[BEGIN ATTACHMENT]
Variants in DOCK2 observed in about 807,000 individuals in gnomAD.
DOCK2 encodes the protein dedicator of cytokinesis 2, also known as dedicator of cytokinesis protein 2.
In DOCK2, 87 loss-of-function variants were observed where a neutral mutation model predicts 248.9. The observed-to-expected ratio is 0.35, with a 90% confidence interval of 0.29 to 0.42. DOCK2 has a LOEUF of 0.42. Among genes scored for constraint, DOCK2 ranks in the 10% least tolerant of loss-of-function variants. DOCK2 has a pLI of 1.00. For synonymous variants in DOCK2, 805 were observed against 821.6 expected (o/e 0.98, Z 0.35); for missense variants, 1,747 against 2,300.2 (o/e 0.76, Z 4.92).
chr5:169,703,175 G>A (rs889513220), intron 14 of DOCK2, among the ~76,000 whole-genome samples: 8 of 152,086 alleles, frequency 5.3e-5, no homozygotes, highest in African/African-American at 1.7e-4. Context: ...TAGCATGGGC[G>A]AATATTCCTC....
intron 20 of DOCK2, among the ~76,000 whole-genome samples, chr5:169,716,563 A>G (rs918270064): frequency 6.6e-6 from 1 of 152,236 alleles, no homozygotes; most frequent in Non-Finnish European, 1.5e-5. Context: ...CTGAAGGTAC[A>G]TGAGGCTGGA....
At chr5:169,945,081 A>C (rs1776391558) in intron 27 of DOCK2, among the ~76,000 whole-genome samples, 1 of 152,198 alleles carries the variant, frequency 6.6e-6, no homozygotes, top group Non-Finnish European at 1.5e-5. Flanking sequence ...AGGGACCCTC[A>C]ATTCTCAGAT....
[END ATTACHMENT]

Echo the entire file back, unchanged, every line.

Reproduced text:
Variants in DOCK2 observed in about 807,000 individuals in gnomAD.
DOCK2 encodes the protein dedicator of cytokinesis 2, also known as dedicator of cytokinesis protein 2.
In DOCK2, 87 loss-of-function variants were observed where a neutral mutation model predicts 248.9. The observed-to-expected ratio is 0.35, with a 90% confidence interval of 0.29 to 0.42. DOCK2 has a LOEUF of 0.42. Among genes scored for constraint, DOCK2 ranks in the 10% least tolerant of loss-of-function variants. DOCK2 has a pLI of 1.00. For synonymous variants in DOCK2, 805 were observed against 821.6 expected (o/e 0.98, Z 0.35); for missense variants, 1,747 against 2,300.2 (o/e 0.76, Z 4.92).
chr5:169,703,175 G>A (rs889513220), intron 14 of DOCK2, among the ~76,000 whole-genome samples: 8 of 152,086 alleles, frequency 5.3e-5, no homozygotes, highest in African/African-American at 1.7e-4. Context: ...TAGCATGGGC[G>A]AATATTCCTC....
intron 20 of DOCK2, among the ~76,000 whole-genome samples, chr5:169,716,563 A>G (rs918270064): frequency 6.6e-6 from 1 of 152,236 alleles, no homozygotes; most frequent in Non-Finnish European, 1.5e-5. Context: ...CTGAAGGTAC[A>G]TGAGGCTGGA....
At chr5:169,945,081 A>C (rs1776391558) in intron 27 of DOCK2, among the ~76,000 whole-genome samples, 1 of 152,198 alleles carries the variant, frequency 6.6e-6, no homozygotes, top group Non-Finnish European at 1.5e-5. Flanking sequence ...AGGGACCCTC[A>C]ATTCTCAGAT....